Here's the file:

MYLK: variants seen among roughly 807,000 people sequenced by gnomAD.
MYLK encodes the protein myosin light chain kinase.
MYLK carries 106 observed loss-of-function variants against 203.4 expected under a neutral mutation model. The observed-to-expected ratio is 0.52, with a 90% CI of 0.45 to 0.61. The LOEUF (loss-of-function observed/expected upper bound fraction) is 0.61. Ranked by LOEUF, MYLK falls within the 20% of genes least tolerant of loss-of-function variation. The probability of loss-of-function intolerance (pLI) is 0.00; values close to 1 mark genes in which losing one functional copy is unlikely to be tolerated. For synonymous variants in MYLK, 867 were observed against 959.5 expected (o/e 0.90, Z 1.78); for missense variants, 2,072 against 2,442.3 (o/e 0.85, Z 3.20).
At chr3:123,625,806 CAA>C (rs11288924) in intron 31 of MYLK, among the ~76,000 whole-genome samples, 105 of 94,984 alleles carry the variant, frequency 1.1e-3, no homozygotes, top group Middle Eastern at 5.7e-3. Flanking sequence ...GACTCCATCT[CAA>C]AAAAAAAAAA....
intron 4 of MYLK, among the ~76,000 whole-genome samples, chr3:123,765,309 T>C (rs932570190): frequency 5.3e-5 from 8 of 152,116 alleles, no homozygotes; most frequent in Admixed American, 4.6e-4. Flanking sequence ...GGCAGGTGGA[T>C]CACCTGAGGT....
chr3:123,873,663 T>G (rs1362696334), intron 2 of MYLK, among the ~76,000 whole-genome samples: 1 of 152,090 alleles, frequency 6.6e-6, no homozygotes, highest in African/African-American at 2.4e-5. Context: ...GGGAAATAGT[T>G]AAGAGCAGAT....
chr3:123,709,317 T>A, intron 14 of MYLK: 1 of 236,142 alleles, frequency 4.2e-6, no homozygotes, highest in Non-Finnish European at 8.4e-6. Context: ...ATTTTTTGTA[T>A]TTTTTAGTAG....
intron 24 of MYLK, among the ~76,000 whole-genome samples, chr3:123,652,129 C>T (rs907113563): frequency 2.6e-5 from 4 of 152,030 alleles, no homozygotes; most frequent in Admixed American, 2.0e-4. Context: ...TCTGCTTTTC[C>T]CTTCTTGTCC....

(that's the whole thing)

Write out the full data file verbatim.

MYLK: variants seen among roughly 807,000 people sequenced by gnomAD.
MYLK encodes the protein myosin light chain kinase.
MYLK carries 106 observed loss-of-function variants against 203.4 expected under a neutral mutation model. The observed-to-expected ratio is 0.52, with a 90% CI of 0.45 to 0.61. The LOEUF (loss-of-function observed/expected upper bound fraction) is 0.61. Ranked by LOEUF, MYLK falls within the 20% of genes least tolerant of loss-of-function variation. The probability of loss-of-function intolerance (pLI) is 0.00; values close to 1 mark genes in which losing one functional copy is unlikely to be tolerated. For synonymous variants in MYLK, 867 were observed against 959.5 expected (o/e 0.90, Z 1.78); for missense variants, 2,072 against 2,442.3 (o/e 0.85, Z 3.20).
At chr3:123,625,806 CAA>C (rs11288924) in intron 31 of MYLK, among the ~76,000 whole-genome samples, 105 of 94,984 alleles carry the variant, frequency 1.1e-3, no homozygotes, top group Middle Eastern at 5.7e-3. Flanking sequence ...GACTCCATCT[CAA>C]AAAAAAAAAA....
intron 4 of MYLK, among the ~76,000 whole-genome samples, chr3:123,765,309 T>C (rs932570190): frequency 5.3e-5 from 8 of 152,116 alleles, no homozygotes; most frequent in Admixed American, 4.6e-4. Flanking sequence ...GGCAGGTGGA[T>C]CACCTGAGGT....
chr3:123,873,663 T>G (rs1362696334), intron 2 of MYLK, among the ~76,000 whole-genome samples: 1 of 152,090 alleles, frequency 6.6e-6, no homozygotes, highest in African/African-American at 2.4e-5. Context: ...GGGAAATAGT[T>G]AAGAGCAGAT....
chr3:123,709,317 T>A, intron 14 of MYLK: 1 of 236,142 alleles, frequency 4.2e-6, no homozygotes, highest in Non-Finnish European at 8.4e-6. Context: ...ATTTTTTGTA[T>A]TTTTTAGTAG....
intron 24 of MYLK, among the ~76,000 whole-genome samples, chr3:123,652,129 C>T (rs907113563): frequency 2.6e-5 from 4 of 152,030 alleles, no homozygotes; most frequent in Admixed American, 2.0e-4. Context: ...TCTGCTTTTC[C>T]CTTCTTGTCC....